I Don’t Want to See Your Band


You’re front and center and illuminated by warm light. You’re all anyone can see. You’re definitely all I can see. You begin to strum and I’m watching your fingers dance, remembering them or imagining them or both. You clench the frets and I feel pressure building beneath my skirt. I wore it for you.

I crane my neck to find the perfect view but we both know you’re striking from any angle. The girls to my left whisper; they’re smitten. They’re strategizing. I pity them. “Enjoy the show, girls,” I think. “He’ll be picking and plucking me later.” Your hand slides up and down the fingerboard effortlessly. That hand. I know it well. I’ve watched it disappear beneath my shirt.

My stare breaks, sees the bigger picture. You. Your guitar. Wood and strings, words and chords. When you blend these things together, do you get love? Is this love? You. Your guitar. It is love.


What I didn’t understand at 17 is that I’d hit it on the head. Love, that is. Wood and strings, words and chords, you and your guitar. Love. As for me? I’m the girl who paid a five-dollar cover to watch you bask in undeserved adoration.

I was a dumb teenager, boy crazy. I heard a soft note drift from someone’s lips and thought, “honesty.” I heard an opening chord and translated it – “trust.” I saw a broad smile and a guitar and nothing else. “No, I don’t know his last name but just listen to Track 3! This guy gets it.”

There’s something intoxicating about musicians. They’re passionate. They make you want to go home and write poetry until you’re recycling couplets and your pen runs dry. But the guys I dated didn’t want poetry. They wanted me to shed a solitary tear when they played a new song for me, they wanted me to buy a disposable camera and capture them at all the right moments, they wanted me to bring my friends along. Occasionally, they wanted to kiss me – a secondary impulse, of course.

I was a teenage girl and always in close proximity to a stage, stoned and swaying. My hair was long, my body frail. My parents never expected me for dinner. I was the perfect fan. I’d get picked out of the crowd, I’d make sure of it, and the lead singer of the band and I would be inseparable until we weren’t. Until one of us wanted more or wanted less. We’d part ways; I’d find a new band and he’d find a new groupie.

I went to college; I met guys who weren’t in bands. I figured out who I was, and who I wanted to become. Despite those strides, I still couldn’t figure out what I was looking for in a male counterpart. I spoke up when it didn’t count and held my breath when it could’ve made all the difference. I met guys who were right for me and then dated their friend, instead. And yes, on occasion I found myself at a show, sipping a flat Gin and Tonic and thinking, “This one seems different.”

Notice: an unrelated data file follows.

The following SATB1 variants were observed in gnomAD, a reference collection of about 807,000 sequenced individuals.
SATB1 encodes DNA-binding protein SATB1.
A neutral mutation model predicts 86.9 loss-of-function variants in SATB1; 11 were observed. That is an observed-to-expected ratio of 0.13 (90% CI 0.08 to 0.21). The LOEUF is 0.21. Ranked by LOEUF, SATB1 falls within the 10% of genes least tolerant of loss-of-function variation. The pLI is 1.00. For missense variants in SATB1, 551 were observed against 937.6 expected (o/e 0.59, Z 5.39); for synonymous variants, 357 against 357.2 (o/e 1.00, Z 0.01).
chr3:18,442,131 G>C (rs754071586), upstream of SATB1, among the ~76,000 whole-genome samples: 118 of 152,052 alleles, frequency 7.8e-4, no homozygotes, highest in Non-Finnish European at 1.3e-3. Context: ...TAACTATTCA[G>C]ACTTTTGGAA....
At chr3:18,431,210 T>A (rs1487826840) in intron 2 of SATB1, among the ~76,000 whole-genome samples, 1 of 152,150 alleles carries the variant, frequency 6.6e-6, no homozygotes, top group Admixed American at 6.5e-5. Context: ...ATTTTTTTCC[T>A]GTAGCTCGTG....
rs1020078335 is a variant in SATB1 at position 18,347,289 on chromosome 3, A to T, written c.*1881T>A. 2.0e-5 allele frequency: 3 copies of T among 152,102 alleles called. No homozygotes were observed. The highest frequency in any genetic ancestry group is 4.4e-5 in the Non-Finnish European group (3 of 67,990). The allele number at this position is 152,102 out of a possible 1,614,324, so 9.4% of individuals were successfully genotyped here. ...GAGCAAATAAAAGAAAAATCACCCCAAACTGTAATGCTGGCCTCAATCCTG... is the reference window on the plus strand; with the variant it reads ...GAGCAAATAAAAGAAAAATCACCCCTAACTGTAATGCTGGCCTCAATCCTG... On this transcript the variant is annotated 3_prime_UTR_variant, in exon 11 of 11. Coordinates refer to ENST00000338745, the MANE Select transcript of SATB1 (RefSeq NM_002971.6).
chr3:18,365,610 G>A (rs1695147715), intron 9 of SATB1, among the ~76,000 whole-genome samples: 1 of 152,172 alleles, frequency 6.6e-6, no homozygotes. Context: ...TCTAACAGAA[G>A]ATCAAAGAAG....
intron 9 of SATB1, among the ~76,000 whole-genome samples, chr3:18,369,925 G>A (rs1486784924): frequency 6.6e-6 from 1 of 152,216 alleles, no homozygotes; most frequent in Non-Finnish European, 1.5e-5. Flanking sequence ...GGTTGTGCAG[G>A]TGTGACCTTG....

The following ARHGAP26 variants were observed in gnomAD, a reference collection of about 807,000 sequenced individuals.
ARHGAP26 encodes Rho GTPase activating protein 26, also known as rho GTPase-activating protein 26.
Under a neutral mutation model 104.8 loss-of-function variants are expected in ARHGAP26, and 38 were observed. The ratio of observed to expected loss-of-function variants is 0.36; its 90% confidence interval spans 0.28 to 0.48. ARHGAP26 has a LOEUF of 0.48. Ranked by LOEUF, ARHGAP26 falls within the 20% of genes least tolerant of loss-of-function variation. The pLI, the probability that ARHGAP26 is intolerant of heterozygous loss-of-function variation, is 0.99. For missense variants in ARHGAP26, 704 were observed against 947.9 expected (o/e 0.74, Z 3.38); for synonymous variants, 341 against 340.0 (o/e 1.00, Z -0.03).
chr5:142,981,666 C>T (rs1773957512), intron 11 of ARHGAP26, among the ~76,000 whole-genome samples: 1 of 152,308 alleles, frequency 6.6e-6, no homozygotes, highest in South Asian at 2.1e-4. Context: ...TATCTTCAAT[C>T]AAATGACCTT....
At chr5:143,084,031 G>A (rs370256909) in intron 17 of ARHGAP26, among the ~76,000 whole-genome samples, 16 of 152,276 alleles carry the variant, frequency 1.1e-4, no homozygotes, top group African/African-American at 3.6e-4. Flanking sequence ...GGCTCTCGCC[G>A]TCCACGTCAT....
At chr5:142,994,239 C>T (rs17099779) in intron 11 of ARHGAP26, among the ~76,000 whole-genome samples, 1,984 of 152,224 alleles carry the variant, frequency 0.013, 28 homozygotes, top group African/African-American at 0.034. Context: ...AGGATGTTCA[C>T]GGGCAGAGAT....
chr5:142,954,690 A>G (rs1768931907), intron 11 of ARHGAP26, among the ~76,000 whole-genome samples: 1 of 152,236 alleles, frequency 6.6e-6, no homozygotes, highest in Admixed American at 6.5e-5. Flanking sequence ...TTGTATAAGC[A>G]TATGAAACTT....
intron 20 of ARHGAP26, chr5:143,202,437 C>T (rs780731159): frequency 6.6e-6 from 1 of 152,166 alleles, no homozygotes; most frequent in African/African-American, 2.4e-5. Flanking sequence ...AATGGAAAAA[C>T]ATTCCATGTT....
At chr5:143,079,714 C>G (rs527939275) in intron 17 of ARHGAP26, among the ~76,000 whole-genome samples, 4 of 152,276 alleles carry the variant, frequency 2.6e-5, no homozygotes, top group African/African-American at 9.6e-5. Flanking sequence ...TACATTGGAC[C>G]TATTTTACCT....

Musicians aren’t all the same, but the guys I’d fall for weren’t content to just be musicians. They wanted to be Gods. They had the looks and the talent; and they wanted the world in return. They expected it. They wanted to be idolized, dreamt about, cried over. One girl could never be enough. I got older and realized that I hadn’t been attracted to their guitars or their lyrics; it was their goddamn egos that roped me in time and time again.

A man with conviction in his abilities is a man I want to be with; a man I want to support. I’ve met enough men to know that they exist. The difference between those men and the boys I used to surround myself with is that men don’t need to objectify or belittle anyone else to prove their worth. There’s nothing sexier than someone who empowers the people around them. After all, the success of others doesn’t devalue your accomplishments. You’re the only one that can do that.

So, guys I haven’t talked to in years who bomb my Facebook inbox with invitations and my phone with mass-texts outlining the who, what, where of your next show, here’s what’s up. I’ve got my own fucking ego. My ego tells me that I deserve a guy who wants to stay up drinking Sparks with me until we can recite each other’s intricacies like the alphabet. Someone whose words are meaningful and not the rough draft of some contrived song. Not someone who occasionally glances down from their platform of superiority and somehow mistakes me, a person, for an accessory. A fan.

Find another fuckin’ groupie.

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